Members’ Activities – Imperial College London
OPL - Impact of partial differential equations on unstructured finite element/volume-based solution.
Multi-core processors are now a ubiquitous building block for everything from smart phones, to desktops and supercomputers. In order to achieve performance and efficiency, it is now time to enable applications to embrace modern developments in processor design. Applications need ways of exploiting all the levels of parallelism: SIMD at the core level; threading to exploit resource sharing at the CPU level; and message passing for inter process communication.
Changes in disruptive technology push application developers into the Red Queen's race. Huge resources are often required to rewrite what is already very complex simulation software. Highly specialist knowledge is required to achieve high performance on modern multi-core systems. In addition, many well-engineered simulators also make use of third part libraries, such as PETSc, which lie on the critical computational path. This introduces further constraints for software architects: application codes can either use parallel paradigms supported by those third party packages, switch to an alternative package or implement their own library. It is with these specific challenges in mind that OPL aims to develop, extend and support key building blocks required for building high performance simulation software.
Fluidity is an open source control volume finite element simulation software, whose development is centred within the Applied Modelling and Computation Group (AMCG) at Imperial College London. Fluidity is used in a wide range of geophysical and industrial fluid flow applications, including: tsunami and geohazard modelling; marine renewable energy; petroleum reservoirs; and mining. These are all demanding multi-scale problems of great social and economic interest, which require both advanced numerical methods and high performance computing. The two dominant computational costs are the assembly of the local systems of equations, and the solving the arising sparse system of equations. While the details of matrix assemble is application specific, the arising sparse systems of equations is solved using the open source library PETSc, primarily developed at Argonne National Laboratory. An additional novel feature of Fluidity is its use of anisotropic adaptive mesh methods. Adaptive methods allow local control of simulation accuracy, so there is never too much or too little resolution in a local region. In comparison with static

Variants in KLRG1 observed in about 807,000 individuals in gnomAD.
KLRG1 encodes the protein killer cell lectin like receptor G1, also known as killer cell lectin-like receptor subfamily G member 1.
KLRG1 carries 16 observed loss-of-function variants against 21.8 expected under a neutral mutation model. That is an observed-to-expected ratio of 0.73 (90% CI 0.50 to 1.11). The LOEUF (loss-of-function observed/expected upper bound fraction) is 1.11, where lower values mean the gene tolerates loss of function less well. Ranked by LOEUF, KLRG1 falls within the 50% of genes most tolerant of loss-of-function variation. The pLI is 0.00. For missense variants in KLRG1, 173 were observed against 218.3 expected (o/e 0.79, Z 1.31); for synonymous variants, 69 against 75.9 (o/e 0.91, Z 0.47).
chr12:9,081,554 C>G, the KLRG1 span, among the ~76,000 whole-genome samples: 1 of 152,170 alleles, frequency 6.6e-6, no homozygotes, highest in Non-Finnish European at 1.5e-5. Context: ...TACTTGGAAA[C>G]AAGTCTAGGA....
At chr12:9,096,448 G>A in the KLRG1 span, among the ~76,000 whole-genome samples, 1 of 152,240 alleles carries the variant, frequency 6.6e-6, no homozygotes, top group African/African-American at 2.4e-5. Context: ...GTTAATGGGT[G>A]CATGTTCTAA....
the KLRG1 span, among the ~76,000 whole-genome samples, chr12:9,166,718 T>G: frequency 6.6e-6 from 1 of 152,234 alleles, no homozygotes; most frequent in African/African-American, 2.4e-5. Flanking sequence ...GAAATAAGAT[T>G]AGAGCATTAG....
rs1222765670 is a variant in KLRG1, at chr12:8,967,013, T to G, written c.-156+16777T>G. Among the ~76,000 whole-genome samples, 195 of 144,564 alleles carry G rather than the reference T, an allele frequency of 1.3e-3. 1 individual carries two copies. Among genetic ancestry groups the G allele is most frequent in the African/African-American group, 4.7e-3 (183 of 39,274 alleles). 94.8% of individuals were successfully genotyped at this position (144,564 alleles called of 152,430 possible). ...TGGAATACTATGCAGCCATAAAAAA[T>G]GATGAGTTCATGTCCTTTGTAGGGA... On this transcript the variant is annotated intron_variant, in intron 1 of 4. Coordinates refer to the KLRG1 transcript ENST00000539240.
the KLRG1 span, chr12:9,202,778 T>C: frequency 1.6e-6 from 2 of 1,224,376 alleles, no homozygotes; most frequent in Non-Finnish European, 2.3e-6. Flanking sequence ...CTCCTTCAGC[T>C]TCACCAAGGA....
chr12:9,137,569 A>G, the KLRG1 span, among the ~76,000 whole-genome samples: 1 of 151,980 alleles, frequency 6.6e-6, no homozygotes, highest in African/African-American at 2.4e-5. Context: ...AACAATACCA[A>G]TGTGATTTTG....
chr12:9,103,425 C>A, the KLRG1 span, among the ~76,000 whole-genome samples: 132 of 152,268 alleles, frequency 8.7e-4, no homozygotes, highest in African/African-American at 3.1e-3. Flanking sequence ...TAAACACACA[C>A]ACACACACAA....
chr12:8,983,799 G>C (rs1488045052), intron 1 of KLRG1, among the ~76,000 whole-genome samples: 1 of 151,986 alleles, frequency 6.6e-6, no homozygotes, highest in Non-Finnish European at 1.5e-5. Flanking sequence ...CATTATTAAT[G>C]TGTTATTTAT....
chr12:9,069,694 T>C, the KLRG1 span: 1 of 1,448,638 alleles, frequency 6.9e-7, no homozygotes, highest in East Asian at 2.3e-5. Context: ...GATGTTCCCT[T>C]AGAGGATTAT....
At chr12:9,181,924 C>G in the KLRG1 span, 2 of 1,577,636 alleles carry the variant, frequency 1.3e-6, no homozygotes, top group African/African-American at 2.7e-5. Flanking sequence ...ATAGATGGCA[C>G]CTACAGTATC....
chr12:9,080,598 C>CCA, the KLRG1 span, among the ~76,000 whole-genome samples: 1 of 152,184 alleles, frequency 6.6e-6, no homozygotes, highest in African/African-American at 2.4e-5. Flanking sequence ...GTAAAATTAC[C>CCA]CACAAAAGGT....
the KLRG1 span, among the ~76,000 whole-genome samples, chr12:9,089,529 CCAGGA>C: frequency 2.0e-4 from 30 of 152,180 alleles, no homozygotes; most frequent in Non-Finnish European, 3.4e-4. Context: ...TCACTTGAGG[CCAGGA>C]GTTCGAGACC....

mesh approaches, this can either enable orders of magnitude high resolution to be achieved with a given computational resource, or allows the same accuracy to be achieved in a simulation with a much smaller computational resource.
The following figure shows resolutions of an adaptive mesh sediment-laden density current coloured by density. In this turbidity current, one can clearly see stratification of two sediment classes. Yellow highlights the large diameter sediment that settles more quickly, whereas red is the small diameter sediment. This adaptive simulation was run Argonnewith approximately 100x fewer mesh nodes than for the fixed mesh with the same accuracy.
Fluidity had already been parallelised using MPI and could scale to thousands of processors. However, it was clear that in order to scale further, other parallel strategies had to be considered. OpenMP is an attractive choice as it is not too invasive in the code and, when done correctly, can scale well on shared memory processors. However, the entire software stack had to be considered, in particular, major simulator components such as PETSc and mesh adaptivity.
OPL brought together developers at Imperial College London, Edinburgh Parallel Computer Centre and Argonne National Laboratory to develop an OpenMP threaded version of PETSc, based on the PETSc 3.3 stable release. This is currently being using in Fluidity and already the hybrid OpenMP/MPI code is outperforming the previous pure MPI version.
OPL is also supporting AMCG to develop the next generation of their mesh adaptivity library under an open source BSD license, PRAgMaTIc (Parallel anisotRopic Adaptive Mesh ToolkIt). This supports 2D and 3D adaptivity for triangular and tetrahedral meshes, and supports hybrid OpenMP/MPI parallelism. It also exploits hybrid arithmetic to optimise floating point performance. These innovations have greatly boosted the performance beyond that of the previous generation of the library and made it more generally available to other application codes.